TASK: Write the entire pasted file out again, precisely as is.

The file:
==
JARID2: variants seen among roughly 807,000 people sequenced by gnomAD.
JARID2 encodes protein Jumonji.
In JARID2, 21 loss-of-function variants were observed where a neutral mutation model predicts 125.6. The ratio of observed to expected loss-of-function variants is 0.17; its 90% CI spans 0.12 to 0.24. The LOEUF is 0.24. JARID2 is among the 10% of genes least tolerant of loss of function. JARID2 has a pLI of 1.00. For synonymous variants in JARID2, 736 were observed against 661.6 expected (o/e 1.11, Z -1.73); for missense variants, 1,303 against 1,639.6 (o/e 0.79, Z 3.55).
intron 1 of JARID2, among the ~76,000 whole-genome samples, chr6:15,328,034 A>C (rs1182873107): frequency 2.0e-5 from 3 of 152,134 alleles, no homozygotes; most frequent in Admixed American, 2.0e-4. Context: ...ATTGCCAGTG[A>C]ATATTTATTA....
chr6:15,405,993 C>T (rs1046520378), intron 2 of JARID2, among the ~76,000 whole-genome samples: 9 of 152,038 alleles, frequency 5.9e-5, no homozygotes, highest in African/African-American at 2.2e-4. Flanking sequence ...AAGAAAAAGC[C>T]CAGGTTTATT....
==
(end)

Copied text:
JARID2: variants seen among roughly 807,000 people sequenced by gnomAD.
JARID2 encodes protein Jumonji.
In JARID2, 21 loss-of-function variants were observed where a neutral mutation model predicts 125.6. The ratio of observed to expected loss-of-function variants is 0.17; its 90% CI spans 0.12 to 0.24. The LOEUF is 0.24. JARID2 is among the 10% of genes least tolerant of loss of function. JARID2 has a pLI of 1.00. For synonymous variants in JARID2, 736 were observed against 661.6 expected (o/e 1.11, Z -1.73); for missense variants, 1,303 against 1,639.6 (o/e 0.79, Z 3.55).
intron 1 of JARID2, among the ~76,000 whole-genome samples, chr6:15,328,034 A>C (rs1182873107): frequency 2.0e-5 from 3 of 152,134 alleles, no homozygotes; most frequent in Admixed American, 2.0e-4. Context: ...ATTGCCAGTG[A>C]ATATTTATTA....
chr6:15,405,993 C>T (rs1046520378), intron 2 of JARID2, among the ~76,000 whole-genome samples: 9 of 152,038 alleles, frequency 5.9e-5, no homozygotes, highest in African/African-American at 2.2e-4. Flanking sequence ...AAGAAAAAGC[C>T]CAGGTTTATT....